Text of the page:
What do you expect your Listing Agent to do?
Real estate selling is both art and science.
The most important “art” is the ability to recognize when the market
is telling you that your “science” was wrong! ~ W Neal
… the agent who lists the property, advertises it, and represents the seller in negotiations … sometimes referred to as the “seller’s agent”.
… more commonly referred to as the “buyer’s agent” … the agent who works with the buyer, writes the purchase offer, and represents the buyer in negotiations.
Many homeowners actually expect their listing agent to find someone to buy their home and write a purchase offer. After all, the listing agent is doing things you would expect if they were searching for buyers … a sign goes up in the front yard; ads are placed; open houses are held; the property is proudly displayed on the Internet.
Indeed, these actions are intended to create buyer attractions when and if buyers see them, but
The Listing Agent’s Primary Job …
is to bring the property to the favorable attention of the multitude of agents who are already working with buyers.
The Realtor MLS system is the primary means for doing that. The pictures, descriptions and other information entered to the MLS form the “attraction” to Selling Agents within the context of their buyer’s expressed criteria, preferences and price range. However, if the pictures and descriptions are not well done, the “attraction” will be weak even if the property meets the criteria.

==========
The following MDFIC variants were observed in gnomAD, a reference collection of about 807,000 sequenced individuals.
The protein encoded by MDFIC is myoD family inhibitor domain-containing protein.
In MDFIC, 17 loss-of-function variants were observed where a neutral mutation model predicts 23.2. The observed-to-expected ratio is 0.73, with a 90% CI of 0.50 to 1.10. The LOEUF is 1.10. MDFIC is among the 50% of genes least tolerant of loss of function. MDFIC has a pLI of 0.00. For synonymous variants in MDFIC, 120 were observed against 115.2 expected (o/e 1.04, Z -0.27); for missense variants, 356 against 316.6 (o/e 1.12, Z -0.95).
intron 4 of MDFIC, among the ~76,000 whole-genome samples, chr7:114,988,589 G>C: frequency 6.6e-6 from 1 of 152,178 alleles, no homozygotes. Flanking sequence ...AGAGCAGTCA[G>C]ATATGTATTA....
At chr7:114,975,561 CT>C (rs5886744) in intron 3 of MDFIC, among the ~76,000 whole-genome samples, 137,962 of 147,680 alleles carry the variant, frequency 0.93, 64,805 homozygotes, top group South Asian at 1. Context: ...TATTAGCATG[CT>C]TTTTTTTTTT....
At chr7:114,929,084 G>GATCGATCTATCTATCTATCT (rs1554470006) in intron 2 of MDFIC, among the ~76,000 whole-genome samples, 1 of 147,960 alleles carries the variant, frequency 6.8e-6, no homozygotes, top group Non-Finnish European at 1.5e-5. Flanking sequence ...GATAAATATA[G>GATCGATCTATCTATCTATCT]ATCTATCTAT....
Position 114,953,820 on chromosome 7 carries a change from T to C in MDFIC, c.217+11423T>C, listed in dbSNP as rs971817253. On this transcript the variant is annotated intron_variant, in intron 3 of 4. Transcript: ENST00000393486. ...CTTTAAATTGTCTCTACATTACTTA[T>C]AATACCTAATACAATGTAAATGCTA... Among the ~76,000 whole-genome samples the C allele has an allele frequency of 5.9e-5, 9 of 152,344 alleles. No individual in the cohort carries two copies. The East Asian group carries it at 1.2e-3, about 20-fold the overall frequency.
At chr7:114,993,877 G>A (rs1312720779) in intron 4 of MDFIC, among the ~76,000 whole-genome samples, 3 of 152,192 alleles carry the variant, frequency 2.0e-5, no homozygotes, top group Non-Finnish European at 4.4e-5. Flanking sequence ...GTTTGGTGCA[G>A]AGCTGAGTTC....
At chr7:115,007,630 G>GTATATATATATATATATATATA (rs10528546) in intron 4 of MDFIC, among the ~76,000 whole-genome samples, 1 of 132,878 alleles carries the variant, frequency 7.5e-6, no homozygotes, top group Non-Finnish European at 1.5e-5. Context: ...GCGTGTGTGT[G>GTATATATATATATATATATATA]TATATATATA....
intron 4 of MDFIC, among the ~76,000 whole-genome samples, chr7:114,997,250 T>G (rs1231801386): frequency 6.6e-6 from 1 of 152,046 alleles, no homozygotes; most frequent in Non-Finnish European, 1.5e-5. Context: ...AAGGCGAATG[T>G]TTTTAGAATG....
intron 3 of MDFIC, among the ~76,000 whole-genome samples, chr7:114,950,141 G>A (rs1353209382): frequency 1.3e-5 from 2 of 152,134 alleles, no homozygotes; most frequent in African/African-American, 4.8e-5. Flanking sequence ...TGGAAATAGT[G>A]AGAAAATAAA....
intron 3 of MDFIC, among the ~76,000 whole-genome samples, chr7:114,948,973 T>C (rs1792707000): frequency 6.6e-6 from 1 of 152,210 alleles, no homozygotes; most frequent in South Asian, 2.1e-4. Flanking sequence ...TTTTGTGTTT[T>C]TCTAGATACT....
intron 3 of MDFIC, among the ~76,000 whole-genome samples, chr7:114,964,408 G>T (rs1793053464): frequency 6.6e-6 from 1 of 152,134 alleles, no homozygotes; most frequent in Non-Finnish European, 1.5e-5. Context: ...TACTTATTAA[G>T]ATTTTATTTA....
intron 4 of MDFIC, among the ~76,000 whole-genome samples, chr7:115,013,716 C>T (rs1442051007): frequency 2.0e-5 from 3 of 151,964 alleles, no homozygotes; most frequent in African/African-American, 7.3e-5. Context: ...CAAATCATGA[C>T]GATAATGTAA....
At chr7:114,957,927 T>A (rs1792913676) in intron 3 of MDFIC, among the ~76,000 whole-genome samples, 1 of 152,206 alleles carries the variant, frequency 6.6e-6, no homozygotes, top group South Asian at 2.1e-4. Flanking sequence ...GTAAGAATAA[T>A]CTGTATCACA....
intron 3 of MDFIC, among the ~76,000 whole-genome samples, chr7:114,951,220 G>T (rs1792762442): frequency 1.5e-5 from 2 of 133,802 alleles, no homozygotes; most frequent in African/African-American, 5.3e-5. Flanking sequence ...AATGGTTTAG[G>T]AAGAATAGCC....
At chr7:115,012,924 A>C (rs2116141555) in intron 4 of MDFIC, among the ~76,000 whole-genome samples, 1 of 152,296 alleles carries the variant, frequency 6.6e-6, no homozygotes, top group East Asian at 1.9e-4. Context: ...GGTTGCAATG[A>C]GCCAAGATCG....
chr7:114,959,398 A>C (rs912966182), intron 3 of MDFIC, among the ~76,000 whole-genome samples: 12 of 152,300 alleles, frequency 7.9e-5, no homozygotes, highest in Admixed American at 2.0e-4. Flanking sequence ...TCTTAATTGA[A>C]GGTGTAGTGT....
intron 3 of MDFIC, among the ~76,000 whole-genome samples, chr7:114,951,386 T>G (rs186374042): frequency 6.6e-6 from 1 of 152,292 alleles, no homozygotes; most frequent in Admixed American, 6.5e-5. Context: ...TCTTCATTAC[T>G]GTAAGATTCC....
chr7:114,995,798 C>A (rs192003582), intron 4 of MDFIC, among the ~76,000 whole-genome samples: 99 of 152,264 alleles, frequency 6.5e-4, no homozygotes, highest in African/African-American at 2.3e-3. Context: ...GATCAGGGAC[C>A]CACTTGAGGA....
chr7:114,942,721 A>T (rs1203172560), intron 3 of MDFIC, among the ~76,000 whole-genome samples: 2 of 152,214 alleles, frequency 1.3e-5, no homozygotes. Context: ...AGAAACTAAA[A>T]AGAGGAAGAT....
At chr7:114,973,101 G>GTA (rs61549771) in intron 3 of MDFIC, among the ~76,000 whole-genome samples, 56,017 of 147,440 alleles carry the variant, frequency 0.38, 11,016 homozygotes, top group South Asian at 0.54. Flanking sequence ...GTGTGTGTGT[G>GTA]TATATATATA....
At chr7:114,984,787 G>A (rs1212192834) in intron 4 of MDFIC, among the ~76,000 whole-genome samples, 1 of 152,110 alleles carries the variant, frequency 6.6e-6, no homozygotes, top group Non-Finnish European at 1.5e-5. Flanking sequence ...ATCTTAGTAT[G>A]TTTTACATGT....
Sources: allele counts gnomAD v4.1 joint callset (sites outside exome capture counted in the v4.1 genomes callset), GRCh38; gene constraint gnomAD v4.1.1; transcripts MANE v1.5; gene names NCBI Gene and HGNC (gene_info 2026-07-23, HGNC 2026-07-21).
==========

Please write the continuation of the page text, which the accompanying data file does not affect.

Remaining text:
It is critical that the listing agent be able to “craft” a MLS listing that is attractive to agents as well as to buyers.
It is also critical that the listing agent employ strong communication technologies so that all forms of marketing provide multiple, effective and convenient ways of contacting the listing agent for additional information, to arrange a showing, etc., including on-the-spot ways from right out in front of the property.
Next issue – handling inquiries. A live, knowledgeable person should answer calls, not a recorder, and promptly respond to email inquiries, not a computer auto-responder. We are constantly astounded by the number of listing agents who are difficult to communicate with and/or who respond to inquiries very slowly, sometimes even not at all. The most elaborate and expensive advertising will be ineffective with poor response.
Today, spans-of-attention are short, the competition strong, the distractions many, and the preference is connection with a person, not a machine. Someone needs to promptly and effectively respond to each and every inquiry … while the caller is “hot” … not hours or days later. Unfortunately, the “response” aspect of listing agent performance is normally invisible to the seller.
Suggestion to sellers … in your interview with potential listing agents, discuss with each what your expectations are for phone, email and text inquiry responses. And tell each that you reserve the right to test each of these from time to time … and do that. Given the discussion, agent performance in this critical area is likely to be MUCH better than otherwise, even by those who are normally adequately responsive.
Of course, the job of the Listing Agent also includes negotiating on behalf of the seller, as well as managing the transaction through the escrow process, but these are going to be slow to happen if the Listing Agent does not perform well during the “listing” stage of the process.
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